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John McLaughlin and the 4th Dimension

The Boston Record
 

John McLaughlinWe’re in a paradoxical era when many pioneers of high-volume electric music are now in their 70s, from Mick and Keef to Paul and Ringo. By the time you read this, even the eternally youthful Jeff Beck should have turned the big 7-0.

Along the same lines, 72-year-old fusioneer John McLaughlin is still burning the frets off his guitar, as captured on the new live album, The Boston Record. He’s backed by the 4th Dimension, a killer band featuring Gary Husband on keyboards and drums, bassist Etienne Mbappe, and drummer Ranjit Barot. The quartet stormed the Berklee Performance Center last June and kicked out the jams. It’s fun to imagine all the student guitarists in the audience walking home under a cloud of depression, knowing they just had their asses kicked by a gray-haired old man with a PRS axe.

The set rockets off with “Raju,” an uptempo cooker that lets the musicians stretch out. McLaughlin’s tone, as usual, is thin and incisive, just the way he likes it. Surprisingly, he doesn’t use an amplifier; instead he has three floor preamps, some guitar-synth gear, and a few stompboxes to deliver his quirky sound.

Next, cue up “Little Miss Valley” to an altered blues and, under Husband’s organ solo, you get a rare treat: McLaughlin lays down some sweet and funky chord work. Virtuoso Mbappe steps up next for a deadly five-string solo that should leave most bassists weeping in their tea. Finally, Johnny Mac himself steps in for clean-up duty and rips mighty blues-fusion lines, still displaying the ferocious right-hand picking chops that made him a hero more than 40 years ago.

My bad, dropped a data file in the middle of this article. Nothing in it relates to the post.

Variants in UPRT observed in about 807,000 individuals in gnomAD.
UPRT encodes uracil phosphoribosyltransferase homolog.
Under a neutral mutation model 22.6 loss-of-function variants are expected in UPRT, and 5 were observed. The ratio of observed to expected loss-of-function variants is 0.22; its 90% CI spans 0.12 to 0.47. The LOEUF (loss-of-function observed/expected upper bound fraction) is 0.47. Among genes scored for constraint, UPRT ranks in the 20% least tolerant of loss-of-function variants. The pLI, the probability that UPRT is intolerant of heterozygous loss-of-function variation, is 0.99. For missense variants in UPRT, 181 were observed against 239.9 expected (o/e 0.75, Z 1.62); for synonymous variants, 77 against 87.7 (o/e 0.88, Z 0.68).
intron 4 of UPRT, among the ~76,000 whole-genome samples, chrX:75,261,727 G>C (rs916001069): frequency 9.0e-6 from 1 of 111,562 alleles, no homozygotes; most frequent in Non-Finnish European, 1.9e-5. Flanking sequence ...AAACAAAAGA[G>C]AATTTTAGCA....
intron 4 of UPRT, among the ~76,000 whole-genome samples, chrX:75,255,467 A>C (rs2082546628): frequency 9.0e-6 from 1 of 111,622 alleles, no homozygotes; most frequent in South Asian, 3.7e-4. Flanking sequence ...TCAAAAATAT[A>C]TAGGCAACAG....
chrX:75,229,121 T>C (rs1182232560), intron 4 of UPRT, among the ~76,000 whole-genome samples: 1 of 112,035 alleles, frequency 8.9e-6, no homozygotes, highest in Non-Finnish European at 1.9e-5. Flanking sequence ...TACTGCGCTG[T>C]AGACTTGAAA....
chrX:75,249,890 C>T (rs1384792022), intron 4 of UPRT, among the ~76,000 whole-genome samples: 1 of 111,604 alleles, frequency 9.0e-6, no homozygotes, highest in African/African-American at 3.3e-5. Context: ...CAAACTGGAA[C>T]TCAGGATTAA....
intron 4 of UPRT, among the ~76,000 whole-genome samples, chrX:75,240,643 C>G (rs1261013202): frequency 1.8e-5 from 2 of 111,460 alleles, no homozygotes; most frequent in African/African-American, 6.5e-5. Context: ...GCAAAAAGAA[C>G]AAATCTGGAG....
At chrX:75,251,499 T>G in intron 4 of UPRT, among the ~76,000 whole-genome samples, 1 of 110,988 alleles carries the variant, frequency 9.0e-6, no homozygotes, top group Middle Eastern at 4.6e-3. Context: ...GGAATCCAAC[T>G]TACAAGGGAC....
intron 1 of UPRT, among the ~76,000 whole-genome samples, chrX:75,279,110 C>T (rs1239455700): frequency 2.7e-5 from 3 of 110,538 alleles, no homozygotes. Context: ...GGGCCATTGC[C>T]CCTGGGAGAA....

Every track here is terrific, but fans might most appreciate the updated version of “You Know You Know,” a composition from the Mahavishnu Orchestra’s revolutionary Inner Mounting Flame LP of 1972. It gets a funky workout, replete with Husband’s tremoloed electric piano, Billy Cobham-style drum fills, and McLaughlin’s tasty lead licks.

“Senor C.S.” is McLaughlin’s tribute to buddy Carlos Santana. Interestingly, the guitarist goes as far as to mimic Santana’s fat “woman tone” and does it extremely well – you might be fooled for a minute and think Carlos just stepped onstage. It’s a gorgeous ballad, and McLaughlin’s phrases are typically stunning.

Aside from being a terrific recording, the critical message the album delivers is simply this: John McLaughlin is still at the top of his game and touring his ass off. If you have never seen him live, you should make that happen, because he’s one of the most important guitarists to ever walk the planet.

This article originally appeared in VG‘s July ’14 issue. All copyrights are by the author and Vintage Guitar magazine. Unauthorized replication or use is strictly prohibited.

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